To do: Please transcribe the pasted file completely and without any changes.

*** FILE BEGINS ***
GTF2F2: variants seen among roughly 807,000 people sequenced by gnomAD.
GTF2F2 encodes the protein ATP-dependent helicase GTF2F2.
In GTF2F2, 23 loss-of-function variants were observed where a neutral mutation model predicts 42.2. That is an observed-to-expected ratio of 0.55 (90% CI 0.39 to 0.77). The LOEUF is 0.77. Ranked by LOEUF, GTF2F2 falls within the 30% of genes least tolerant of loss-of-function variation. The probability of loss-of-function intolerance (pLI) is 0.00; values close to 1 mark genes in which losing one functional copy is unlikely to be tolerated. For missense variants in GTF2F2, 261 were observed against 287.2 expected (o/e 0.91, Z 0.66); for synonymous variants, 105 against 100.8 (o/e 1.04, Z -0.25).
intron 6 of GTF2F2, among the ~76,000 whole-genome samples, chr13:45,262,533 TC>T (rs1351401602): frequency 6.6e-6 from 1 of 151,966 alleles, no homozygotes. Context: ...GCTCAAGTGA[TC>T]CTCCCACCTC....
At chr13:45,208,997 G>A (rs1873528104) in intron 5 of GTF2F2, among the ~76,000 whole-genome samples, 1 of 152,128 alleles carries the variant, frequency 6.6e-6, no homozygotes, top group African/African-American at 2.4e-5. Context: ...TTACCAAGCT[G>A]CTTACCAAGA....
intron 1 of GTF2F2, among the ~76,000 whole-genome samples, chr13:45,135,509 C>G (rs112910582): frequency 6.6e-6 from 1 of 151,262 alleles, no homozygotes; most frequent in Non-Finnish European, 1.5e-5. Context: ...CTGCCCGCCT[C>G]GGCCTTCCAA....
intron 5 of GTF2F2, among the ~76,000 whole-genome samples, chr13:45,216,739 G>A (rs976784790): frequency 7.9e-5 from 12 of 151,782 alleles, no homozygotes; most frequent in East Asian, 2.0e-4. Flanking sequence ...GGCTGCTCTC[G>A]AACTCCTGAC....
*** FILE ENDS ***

GTF2F2: variants seen among roughly 807,000 people sequenced by gnomAD.
GTF2F2 encodes the protein ATP-dependent helicase GTF2F2.
In GTF2F2, 23 loss-of-function variants were observed where a neutral mutation model predicts 42.2. That is an observed-to-expected ratio of 0.55 (90% CI 0.39 to 0.77). The LOEUF is 0.77. Ranked by LOEUF, GTF2F2 falls within the 30% of genes least tolerant of loss-of-function variation. The probability of loss-of-function intolerance (pLI) is 0.00; values close to 1 mark genes in which losing one functional copy is unlikely to be tolerated. For missense variants in GTF2F2, 261 were observed against 287.2 expected (o/e 0.91, Z 0.66); for synonymous variants, 105 against 100.8 (o/e 1.04, Z -0.25).
intron 6 of GTF2F2, among the ~76,000 whole-genome samples, chr13:45,262,533 TC>T (rs1351401602): frequency 6.6e-6 from 1 of 151,966 alleles, no homozygotes. Context: ...GCTCAAGTGA[TC>T]CTCCCACCTC....
At chr13:45,208,997 G>A (rs1873528104) in intron 5 of GTF2F2, among the ~76,000 whole-genome samples, 1 of 152,128 alleles carries the variant, frequency 6.6e-6, no homozygotes, top group African/African-American at 2.4e-5. Context: ...TTACCAAGCT[G>A]CTTACCAAGA....
intron 1 of GTF2F2, among the ~76,000 whole-genome samples, chr13:45,135,509 C>G (rs112910582): frequency 6.6e-6 from 1 of 151,262 alleles, no homozygotes; most frequent in Non-Finnish European, 1.5e-5. Context: ...CTGCCCGCCT[C>G]GGCCTTCCAA....
intron 5 of GTF2F2, among the ~76,000 whole-genome samples, chr13:45,216,739 G>A (rs976784790): frequency 7.9e-5 from 12 of 151,782 alleles, no homozygotes; most frequent in East Asian, 2.0e-4. Flanking sequence ...GGCTGCTCTC[G>A]AACTCCTGAC....